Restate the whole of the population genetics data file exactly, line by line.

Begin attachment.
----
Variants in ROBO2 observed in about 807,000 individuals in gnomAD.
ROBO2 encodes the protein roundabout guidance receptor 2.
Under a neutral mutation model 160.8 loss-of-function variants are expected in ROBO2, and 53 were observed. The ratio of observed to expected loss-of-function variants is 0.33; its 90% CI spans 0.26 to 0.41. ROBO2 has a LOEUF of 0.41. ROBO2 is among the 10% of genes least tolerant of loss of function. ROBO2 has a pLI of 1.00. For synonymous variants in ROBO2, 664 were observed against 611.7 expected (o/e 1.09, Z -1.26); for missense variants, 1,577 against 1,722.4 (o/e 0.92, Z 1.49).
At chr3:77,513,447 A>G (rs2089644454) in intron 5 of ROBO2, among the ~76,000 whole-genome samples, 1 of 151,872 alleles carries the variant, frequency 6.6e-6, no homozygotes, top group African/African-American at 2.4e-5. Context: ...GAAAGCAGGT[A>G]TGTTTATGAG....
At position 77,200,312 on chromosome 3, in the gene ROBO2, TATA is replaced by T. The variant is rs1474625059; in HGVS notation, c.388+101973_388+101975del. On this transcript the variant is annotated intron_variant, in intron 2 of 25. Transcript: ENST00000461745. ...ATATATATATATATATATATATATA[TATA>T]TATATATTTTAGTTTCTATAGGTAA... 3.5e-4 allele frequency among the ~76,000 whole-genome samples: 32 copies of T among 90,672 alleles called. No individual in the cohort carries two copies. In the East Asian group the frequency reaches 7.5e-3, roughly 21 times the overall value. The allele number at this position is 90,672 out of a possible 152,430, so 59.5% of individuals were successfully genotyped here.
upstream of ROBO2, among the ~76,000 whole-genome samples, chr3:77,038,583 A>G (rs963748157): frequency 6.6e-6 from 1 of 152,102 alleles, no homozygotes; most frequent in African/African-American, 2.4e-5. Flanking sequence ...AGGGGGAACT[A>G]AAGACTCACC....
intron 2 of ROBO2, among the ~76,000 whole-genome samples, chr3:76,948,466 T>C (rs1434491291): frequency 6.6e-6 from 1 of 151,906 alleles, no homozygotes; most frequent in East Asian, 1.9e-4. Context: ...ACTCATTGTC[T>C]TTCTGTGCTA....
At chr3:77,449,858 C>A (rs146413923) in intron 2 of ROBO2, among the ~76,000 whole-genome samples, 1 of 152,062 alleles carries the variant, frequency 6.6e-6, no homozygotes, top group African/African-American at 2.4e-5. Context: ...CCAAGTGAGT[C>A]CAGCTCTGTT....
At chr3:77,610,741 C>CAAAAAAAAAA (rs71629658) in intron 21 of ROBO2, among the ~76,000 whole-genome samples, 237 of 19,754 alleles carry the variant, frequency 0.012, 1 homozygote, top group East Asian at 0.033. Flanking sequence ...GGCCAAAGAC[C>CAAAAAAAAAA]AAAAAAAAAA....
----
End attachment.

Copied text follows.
Variants in ROBO2 observed in about 807,000 individuals in gnomAD.
ROBO2 encodes the protein roundabout guidance receptor 2.
Under a neutral mutation model 160.8 loss-of-function variants are expected in ROBO2, and 53 were observed. The ratio of observed to expected loss-of-function variants is 0.33; its 90% CI spans 0.26 to 0.41. ROBO2 has a LOEUF of 0.41. ROBO2 is among the 10% of genes least tolerant of loss of function. ROBO2 has a pLI of 1.00. For synonymous variants in ROBO2, 664 were observed against 611.7 expected (o/e 1.09, Z -1.26); for missense variants, 1,577 against 1,722.4 (o/e 0.92, Z 1.49).
At chr3:77,513,447 A>G (rs2089644454) in intron 5 of ROBO2, among the ~76,000 whole-genome samples, 1 of 151,872 alleles carries the variant, frequency 6.6e-6, no homozygotes, top group African/African-American at 2.4e-5. Context: ...GAAAGCAGGT[A>G]TGTTTATGAG....
At position 77,200,312 on chromosome 3, in the gene ROBO2, TATA is replaced by T. The variant is rs1474625059; in HGVS notation, c.388+101973_388+101975del. On this transcript the variant is annotated intron_variant, in intron 2 of 25. Transcript: ENST00000461745. ...ATATATATATATATATATATATATA[TATA>T]TATATATTTTAGTTTCTATAGGTAA... 3.5e-4 allele frequency among the ~76,000 whole-genome samples: 32 copies of T among 90,672 alleles called. No individual in the cohort carries two copies. In the East Asian group the frequency reaches 7.5e-3, roughly 21 times the overall value. The allele number at this position is 90,672 out of a possible 152,430, so 59.5% of individuals were successfully genotyped here.
upstream of ROBO2, among the ~76,000 whole-genome samples, chr3:77,038,583 A>G (rs963748157): frequency 6.6e-6 from 1 of 152,102 alleles, no homozygotes; most frequent in African/African-American, 2.4e-5. Flanking sequence ...AGGGGGAACT[A>G]AAGACTCACC....
intron 2 of ROBO2, among the ~76,000 whole-genome samples, chr3:76,948,466 T>C (rs1434491291): frequency 6.6e-6 from 1 of 151,906 alleles, no homozygotes; most frequent in East Asian, 1.9e-4. Context: ...ACTCATTGTC[T>C]TTCTGTGCTA....
At chr3:77,449,858 C>A (rs146413923) in intron 2 of ROBO2, among the ~76,000 whole-genome samples, 1 of 152,062 alleles carries the variant, frequency 6.6e-6, no homozygotes, top group African/African-American at 2.4e-5. Context: ...CCAAGTGAGT[C>A]CAGCTCTGTT....
At chr3:77,610,741 C>CAAAAAAAAAA (rs71629658) in intron 21 of ROBO2, among the ~76,000 whole-genome samples, 237 of 19,754 alleles carry the variant, frequency 0.012, 1 homozygote, top group East Asian at 0.033. Flanking sequence ...GGCCAAAGAC[C>CAAAAAAAAAA]AAAAAAAAAA....